Although Jolie’s radical move apparently hasn’t helped to increase the number of Japanese women seeking screening, it has pushed some to submit their DNA for testing to find genetic markers for disease such as BRCA 1 and 2. That costs about 200,000 to 300,000 yen, however, and obviously isn’t for everyone. There is no reimbursement from the government for it, either.
Breast cancer affects a very small portion of women in their twenties and thirties, but increases in the forties to fifties age bracket, with the late forties to fifties being the peak. Generally speaking, the Japanese government and hospitals recommend that women be screened once every two years after the age of forty. Those with a family history of the disease or the BRCA 1 and 2 gene mutations, however, should start regular screening earlier, and do it every six months to one year.
How early can screenings find cancerous tissue? In general, X-ray mammography can spot groups of microcalcification measuring less than 100 microns by assessing a combination of shape and size.
There are merits and demerits to the various screening procedures. X-ray mammography is the starting line—very good for spotting calcified tissue, it represents the most widespread and simplest option. In Japan, mammography is also overwhelmingly used for screening and biopsies. However, it is not effective enough for scanning high-density breast tissue.
Ultrasound is useful for identifying masses and cysts, and is better for examining breasts with high-density tissue, which is more common in younger women, and costs about five to six thousand yen. MRI testing is the best detection option, but is also very expensive—from about 40,000 to 50,000 yen. Medical facilities frequently offer screening packages that combine mammography and ultrasound as an option in the popular ningen dokku physical exams that millions of Japanese go through every year.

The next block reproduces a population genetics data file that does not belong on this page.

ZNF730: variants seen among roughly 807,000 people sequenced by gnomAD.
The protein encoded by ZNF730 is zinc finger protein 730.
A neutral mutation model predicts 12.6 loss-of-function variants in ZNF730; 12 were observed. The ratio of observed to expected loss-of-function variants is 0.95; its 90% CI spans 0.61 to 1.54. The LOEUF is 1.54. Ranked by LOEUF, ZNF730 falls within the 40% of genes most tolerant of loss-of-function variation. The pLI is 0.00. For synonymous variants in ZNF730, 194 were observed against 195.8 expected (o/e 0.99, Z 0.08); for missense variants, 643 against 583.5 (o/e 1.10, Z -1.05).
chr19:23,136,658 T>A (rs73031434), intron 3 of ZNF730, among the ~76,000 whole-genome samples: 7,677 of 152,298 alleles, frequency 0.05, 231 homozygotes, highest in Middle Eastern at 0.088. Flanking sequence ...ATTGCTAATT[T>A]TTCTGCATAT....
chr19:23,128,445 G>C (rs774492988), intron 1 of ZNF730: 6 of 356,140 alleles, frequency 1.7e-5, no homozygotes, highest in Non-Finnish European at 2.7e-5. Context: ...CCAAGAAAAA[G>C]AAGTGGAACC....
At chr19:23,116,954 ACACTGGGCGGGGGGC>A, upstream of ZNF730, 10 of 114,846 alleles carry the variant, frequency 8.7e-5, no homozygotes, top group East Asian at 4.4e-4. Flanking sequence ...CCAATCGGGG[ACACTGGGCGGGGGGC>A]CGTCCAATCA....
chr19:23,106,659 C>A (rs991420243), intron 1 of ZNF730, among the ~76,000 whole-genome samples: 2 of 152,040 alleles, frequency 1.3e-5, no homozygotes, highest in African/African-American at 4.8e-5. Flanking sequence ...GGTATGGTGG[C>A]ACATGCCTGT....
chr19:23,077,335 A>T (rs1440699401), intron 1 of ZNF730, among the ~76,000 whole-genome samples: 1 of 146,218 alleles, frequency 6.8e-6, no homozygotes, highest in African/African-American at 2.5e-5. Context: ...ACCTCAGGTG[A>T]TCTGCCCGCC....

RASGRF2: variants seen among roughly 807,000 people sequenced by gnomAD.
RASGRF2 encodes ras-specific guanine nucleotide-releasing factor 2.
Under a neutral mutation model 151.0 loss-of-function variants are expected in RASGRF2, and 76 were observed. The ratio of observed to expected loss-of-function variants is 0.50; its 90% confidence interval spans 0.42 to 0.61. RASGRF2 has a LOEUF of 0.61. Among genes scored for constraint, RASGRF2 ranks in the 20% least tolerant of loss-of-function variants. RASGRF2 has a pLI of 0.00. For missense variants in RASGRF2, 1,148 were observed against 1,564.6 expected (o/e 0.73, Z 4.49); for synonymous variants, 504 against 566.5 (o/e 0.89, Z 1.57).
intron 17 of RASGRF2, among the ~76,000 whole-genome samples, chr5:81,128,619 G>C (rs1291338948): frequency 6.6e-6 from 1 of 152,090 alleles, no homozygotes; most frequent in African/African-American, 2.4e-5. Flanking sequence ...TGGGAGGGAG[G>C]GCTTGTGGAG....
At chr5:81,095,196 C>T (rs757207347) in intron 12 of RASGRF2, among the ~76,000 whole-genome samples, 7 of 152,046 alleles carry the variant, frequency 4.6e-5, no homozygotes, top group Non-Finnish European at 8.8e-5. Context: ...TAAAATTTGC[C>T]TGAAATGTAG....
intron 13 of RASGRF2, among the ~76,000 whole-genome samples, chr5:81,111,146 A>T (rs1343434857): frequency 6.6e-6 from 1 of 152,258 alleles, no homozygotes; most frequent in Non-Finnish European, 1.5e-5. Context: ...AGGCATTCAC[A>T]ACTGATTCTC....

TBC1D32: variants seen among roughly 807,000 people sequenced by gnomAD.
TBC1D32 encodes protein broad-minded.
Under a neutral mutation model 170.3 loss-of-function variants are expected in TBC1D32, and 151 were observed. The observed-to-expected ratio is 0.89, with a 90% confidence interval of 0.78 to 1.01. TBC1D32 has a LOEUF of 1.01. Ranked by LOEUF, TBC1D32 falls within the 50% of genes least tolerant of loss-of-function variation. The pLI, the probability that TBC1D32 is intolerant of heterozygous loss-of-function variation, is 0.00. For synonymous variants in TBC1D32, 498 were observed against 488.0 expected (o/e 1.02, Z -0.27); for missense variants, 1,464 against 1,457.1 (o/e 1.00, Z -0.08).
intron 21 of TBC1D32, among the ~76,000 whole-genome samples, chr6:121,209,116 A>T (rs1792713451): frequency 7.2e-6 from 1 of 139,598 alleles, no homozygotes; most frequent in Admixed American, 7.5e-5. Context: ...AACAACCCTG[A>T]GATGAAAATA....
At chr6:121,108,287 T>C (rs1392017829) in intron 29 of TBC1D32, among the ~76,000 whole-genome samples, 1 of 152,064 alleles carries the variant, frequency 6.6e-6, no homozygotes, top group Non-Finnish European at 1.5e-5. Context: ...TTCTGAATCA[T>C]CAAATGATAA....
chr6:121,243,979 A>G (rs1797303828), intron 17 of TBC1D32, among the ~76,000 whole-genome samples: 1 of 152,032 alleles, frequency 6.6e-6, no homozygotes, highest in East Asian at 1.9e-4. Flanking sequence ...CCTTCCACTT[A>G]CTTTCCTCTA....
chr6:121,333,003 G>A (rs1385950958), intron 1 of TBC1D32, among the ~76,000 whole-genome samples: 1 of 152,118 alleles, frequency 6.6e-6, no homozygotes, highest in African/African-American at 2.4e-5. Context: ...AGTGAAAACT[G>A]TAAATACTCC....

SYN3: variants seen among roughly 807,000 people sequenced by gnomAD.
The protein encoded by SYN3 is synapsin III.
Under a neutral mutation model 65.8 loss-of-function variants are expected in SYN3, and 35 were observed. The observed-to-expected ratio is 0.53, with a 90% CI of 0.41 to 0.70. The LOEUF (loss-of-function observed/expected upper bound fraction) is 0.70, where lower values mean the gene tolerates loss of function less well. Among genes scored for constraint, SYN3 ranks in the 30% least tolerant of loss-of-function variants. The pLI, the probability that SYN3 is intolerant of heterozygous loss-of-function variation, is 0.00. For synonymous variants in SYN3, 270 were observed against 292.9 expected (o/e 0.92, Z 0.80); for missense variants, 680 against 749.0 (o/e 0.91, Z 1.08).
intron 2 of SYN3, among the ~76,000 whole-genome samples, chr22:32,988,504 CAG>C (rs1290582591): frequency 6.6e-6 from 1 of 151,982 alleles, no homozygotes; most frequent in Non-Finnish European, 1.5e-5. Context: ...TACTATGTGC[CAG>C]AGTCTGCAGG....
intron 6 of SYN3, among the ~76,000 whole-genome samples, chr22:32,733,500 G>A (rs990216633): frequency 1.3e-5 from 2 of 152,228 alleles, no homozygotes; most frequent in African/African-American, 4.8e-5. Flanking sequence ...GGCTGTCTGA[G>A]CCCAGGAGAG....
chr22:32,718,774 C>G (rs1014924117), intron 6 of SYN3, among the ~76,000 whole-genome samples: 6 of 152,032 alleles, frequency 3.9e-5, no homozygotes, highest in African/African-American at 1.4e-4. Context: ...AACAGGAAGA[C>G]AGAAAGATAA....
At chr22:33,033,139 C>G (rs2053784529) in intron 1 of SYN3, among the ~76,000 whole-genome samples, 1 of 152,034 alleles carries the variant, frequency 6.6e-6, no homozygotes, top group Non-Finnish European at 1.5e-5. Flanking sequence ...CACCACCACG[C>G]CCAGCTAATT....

Not many medical facilities can supply a system and workstation that can cross-reference the data from the spectrum of x-ray mammography, ultrasound and MRI screening options, which provide varying perspectives on the potentially cancerous mass. In the near future, however, it may be possible to diagnose certain types of cancerous tissue by using different types of x-rays or dedicated workstations in what is known as multimodality breast image management.
A more relevant point is whether the hospital a patient wishes to use not only has such a setup but also has specialists knowledgeable enough to interpret the data accurately. Hospitals and clinics may not have all of the screening options available. Breast radiologists need to be trained to provide comprehensive breast diagnoses involving multimodality.
Boosting screening is essential to preventing a further rise in breast cancer rates, and Japan is slowly gaining dedicated medical facilities that focus on breast imaging. HealthyIM is ready to introduce women from Japan and abroad to these facilities so that they can get the dedicated screening needed to avoid breast cancer and the pain and anguish it brings.